Nuns On The Bus Rally With Quinn To Promote Voter Participation

A group of traveling Catholic nuns passed through Chicago's Union Park in West Town last week to pass along a key message — get out and vote.

Sister Simone Campbell, executive director of NETWORK, a national Catholic social justice lobby, led the the “We the People, We the Voters” tour, which is traveling to 36 cities as part of its voter registration effort. The nuns, who have done similar bus tours in 2012 and 2013, say voting is the best way Americans can create social change and counter big money in politics.

“The way we make our voice heard, the way we make sure good policy for the 100 percent (is) made is by voting,” Campbell said. “We the people need to stand up, vote and be engaged.”

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Public Interest Group Urges Against 'Wasteful Spending' On Illiana Expressway

An Illinois public interest organization is raising concerns about the proposed Illiana Expressway, saying the privatized toll road that would serve mainly as a trucking corridor "may charge tolls too high to attract trucks, and will likely require hundreds of millions of dollars in taxpayer subsidies."

The Illiana Expressway, a public-private partnership endeavor, is cited as one of 11 highway "boondoggles" across the country in a new report by the Illinois PIRG Education Fund, which is calling on "decision makers to reprioritize scarce transportation dollars to other projects."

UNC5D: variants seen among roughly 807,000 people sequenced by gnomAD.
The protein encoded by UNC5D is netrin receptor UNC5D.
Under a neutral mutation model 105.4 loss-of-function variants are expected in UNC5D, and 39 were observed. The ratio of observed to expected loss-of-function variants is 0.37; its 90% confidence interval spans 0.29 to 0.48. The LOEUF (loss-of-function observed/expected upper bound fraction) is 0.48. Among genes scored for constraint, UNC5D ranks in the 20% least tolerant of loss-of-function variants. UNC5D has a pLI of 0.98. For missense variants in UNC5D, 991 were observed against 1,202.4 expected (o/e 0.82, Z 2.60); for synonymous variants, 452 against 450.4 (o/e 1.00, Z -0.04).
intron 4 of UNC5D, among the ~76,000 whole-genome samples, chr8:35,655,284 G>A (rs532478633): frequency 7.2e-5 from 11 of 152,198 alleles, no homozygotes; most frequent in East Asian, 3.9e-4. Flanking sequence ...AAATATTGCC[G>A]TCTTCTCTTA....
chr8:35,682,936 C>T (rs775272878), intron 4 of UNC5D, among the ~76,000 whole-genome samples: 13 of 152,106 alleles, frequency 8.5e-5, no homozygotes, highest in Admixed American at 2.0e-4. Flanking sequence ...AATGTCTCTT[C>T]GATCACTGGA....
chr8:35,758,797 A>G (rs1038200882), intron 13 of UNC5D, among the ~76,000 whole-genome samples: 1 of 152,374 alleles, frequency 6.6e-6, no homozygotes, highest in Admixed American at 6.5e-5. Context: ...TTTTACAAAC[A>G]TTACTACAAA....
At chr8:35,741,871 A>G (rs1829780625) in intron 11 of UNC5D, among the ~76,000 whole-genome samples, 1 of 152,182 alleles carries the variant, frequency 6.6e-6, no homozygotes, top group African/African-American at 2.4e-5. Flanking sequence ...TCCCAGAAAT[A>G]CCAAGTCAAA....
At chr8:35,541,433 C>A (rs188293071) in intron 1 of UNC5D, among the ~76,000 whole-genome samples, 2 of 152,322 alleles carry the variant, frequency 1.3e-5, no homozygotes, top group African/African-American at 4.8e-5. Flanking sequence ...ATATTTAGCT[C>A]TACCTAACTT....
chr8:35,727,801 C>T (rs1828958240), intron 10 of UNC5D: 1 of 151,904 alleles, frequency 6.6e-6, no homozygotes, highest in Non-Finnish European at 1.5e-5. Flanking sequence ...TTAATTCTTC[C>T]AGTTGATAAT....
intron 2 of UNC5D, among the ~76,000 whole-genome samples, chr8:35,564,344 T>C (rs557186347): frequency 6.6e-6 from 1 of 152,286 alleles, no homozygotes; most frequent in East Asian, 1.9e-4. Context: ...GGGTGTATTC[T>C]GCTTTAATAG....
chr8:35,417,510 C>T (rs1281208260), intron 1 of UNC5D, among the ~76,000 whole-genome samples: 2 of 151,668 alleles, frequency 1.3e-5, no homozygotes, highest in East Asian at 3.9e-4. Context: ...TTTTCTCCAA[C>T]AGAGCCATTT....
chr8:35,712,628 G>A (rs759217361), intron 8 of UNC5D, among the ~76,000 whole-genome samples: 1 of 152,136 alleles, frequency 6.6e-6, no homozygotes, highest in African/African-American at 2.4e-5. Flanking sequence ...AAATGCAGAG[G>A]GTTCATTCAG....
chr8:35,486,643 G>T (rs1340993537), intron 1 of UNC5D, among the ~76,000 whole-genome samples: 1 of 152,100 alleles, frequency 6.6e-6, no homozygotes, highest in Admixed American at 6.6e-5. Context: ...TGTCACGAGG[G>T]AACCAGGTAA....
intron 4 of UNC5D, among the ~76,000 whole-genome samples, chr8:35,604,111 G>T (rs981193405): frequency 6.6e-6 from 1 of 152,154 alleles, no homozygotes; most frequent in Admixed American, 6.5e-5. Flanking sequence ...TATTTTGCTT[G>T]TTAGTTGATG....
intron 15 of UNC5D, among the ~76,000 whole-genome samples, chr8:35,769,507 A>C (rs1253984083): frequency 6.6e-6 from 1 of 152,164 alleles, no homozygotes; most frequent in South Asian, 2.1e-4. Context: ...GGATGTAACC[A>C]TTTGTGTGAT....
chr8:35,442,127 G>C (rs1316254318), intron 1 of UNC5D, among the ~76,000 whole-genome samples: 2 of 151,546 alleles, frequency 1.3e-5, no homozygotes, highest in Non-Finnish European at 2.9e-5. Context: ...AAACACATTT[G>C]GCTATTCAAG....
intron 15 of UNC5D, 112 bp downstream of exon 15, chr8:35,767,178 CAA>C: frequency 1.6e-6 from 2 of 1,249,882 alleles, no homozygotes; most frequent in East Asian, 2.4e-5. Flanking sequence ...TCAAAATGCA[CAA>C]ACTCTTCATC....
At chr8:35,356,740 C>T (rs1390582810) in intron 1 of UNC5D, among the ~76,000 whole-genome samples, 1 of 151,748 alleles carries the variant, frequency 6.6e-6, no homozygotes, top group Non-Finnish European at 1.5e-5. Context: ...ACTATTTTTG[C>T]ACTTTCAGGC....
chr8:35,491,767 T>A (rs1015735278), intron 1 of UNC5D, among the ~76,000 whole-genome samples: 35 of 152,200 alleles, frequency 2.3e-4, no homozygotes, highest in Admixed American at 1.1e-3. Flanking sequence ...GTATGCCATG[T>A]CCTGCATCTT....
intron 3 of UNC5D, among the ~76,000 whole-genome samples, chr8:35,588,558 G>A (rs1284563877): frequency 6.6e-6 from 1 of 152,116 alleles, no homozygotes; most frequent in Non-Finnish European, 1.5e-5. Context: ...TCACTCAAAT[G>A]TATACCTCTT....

The report highlights the proposed 47-mile Illiana tollway, which would connect I-55 in Illinois to I-65 in Indiana, as an example of "wasteful highway spending based on its outdated assumptions of ever-increasing driving."

"The Illiana Expressway is based on the presumption that traffic in the 18 county region affected by the road will increase by .92 percent annually between 2010 and 2040, as measured in total vehicle miles traveled (VMT)," the Illinois PIRG Education Fund noted. "However, that is more than double the annual rate of increase from 2001 and 2010 (.42 percent). And, since 2010, VMT in the region has been down .49 percent annually."